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SAN FRANCISCO-San Francisco and Silicon Valley, despite recent drops in average occupancy costs, are the eighth and ninth most expensive office markets in the world, according to the latest update of CB Richard Ellis’ Global Market Rents.

The semi-annual survey of occupancy costs for class A office space covers 155 metro areas around the globe. It shows that the total occupancy costs in US dollar terms have declined in 81 of these areas.

Silicon Valley was no exception. In January of this year, it was listed as the sixth most expensive market with a total average occupancy cost of almost $90 per sf. In the last sixth months, it proved to be the hardest hit market in North America with total occupancy costs dropping to $68.90 per sf per annum. CB Richard Ellis experts expect rents in this market to continue spiraling downward through the end of the year.

Of the top 10 markets listed, only three showed increases in occupancy rates. London’s West End, which soared to the top of list as the most expensive office location, edged up less than a dollar to $157.63 per sf from the $156.89 per sf reported six months ago. Munbai’s average occupancy rate, which came in at No. 7, climbed from $80.16 per sf to $89.38 per sf. And Manhattan, the tenth most expensive city, showed rates that rose from $64.63 per sf to $64.92 per sf.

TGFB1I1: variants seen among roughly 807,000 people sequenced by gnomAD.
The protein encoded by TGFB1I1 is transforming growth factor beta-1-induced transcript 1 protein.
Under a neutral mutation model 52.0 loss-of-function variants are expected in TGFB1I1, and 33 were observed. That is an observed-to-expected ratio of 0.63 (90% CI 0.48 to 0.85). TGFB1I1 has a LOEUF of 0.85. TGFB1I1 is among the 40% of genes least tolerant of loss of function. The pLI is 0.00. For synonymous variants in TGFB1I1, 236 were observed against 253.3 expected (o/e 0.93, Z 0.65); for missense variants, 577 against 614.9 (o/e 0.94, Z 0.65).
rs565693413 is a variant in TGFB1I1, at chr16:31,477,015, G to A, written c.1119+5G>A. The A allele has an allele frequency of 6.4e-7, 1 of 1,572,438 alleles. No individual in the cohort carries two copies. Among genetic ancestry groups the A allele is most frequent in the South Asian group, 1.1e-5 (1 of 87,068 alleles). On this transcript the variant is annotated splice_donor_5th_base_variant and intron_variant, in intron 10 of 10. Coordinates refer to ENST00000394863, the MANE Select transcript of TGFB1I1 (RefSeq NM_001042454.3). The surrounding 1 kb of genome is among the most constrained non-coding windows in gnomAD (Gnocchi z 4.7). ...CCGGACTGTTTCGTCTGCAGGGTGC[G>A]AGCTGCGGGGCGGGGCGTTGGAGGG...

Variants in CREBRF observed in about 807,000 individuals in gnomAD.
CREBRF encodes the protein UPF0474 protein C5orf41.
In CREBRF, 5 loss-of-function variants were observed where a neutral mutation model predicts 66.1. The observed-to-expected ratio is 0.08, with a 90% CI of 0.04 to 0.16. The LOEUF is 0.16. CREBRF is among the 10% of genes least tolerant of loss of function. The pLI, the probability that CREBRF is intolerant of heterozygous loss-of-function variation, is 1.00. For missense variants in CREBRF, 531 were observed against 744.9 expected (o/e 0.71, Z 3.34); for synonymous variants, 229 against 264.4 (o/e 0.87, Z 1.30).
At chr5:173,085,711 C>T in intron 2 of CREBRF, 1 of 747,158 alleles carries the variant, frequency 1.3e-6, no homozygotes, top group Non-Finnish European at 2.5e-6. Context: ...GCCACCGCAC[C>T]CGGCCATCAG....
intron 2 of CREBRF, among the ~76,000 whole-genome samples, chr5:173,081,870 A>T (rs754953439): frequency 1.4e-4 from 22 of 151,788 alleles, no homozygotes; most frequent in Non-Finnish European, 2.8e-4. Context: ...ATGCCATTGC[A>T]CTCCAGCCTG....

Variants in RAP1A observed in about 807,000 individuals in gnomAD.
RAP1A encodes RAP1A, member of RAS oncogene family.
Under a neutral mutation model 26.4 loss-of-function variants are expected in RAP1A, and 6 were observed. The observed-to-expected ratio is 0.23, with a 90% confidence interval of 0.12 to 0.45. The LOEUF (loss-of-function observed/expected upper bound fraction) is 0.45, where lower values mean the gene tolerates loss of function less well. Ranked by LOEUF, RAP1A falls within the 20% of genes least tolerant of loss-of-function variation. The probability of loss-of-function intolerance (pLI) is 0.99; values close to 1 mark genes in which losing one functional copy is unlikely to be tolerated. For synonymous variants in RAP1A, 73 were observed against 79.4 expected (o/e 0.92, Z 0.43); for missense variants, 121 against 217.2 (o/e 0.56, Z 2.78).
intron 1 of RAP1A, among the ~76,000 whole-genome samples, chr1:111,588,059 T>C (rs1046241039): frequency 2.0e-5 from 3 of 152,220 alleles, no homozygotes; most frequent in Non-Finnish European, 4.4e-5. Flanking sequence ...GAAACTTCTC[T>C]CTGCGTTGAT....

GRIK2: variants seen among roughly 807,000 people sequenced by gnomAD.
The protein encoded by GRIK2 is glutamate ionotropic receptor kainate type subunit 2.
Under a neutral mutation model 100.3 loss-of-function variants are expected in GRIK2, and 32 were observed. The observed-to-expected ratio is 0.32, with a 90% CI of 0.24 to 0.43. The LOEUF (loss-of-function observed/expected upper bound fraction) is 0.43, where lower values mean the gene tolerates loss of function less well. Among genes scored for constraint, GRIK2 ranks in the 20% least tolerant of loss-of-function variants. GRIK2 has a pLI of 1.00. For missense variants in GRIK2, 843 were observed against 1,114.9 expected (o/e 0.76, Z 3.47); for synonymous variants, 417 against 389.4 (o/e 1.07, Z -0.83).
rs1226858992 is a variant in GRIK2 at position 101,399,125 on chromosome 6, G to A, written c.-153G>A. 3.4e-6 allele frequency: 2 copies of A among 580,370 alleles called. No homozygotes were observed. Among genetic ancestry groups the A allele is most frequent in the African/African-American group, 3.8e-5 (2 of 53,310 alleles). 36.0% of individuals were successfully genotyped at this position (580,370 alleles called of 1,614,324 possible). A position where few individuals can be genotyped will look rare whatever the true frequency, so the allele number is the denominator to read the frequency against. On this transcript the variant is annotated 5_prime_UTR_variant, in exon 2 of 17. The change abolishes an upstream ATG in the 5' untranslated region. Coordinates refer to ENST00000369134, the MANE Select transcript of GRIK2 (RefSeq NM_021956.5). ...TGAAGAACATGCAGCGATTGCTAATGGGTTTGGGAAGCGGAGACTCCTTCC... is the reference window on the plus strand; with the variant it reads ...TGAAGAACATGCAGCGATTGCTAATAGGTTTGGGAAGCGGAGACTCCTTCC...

The depth of the economic slowdown in the US and the speed with which the global technology sector came to a halt has put the brakes on rental growth almost universally,” says Bill Rothe of CB Richard Ellis. “While this is bad news for some real estate investors, it is great news for corporate tenants and their cost projections for real estate.”

Rothe is quick to point out that the pace of rental growth last year in many of the top markets globally was clearly unsustainable and if such rental growth had continued without being checked throughout this year, many markets were likely to witness a far more catastrophic correction.

As a whole, the real estate market shows overall growth over the 12-month period from July 2000 to July 2001, even with the drops over the last six months. With overall occupancy rates rising 33.2% per sf to $36.16 per sf per year, the Oakland/East Bay market posted the largest percentage increase in occupancy rates in this timeframe.

Even Silicon Valley’s yearly figures show an approximate 20% increase.

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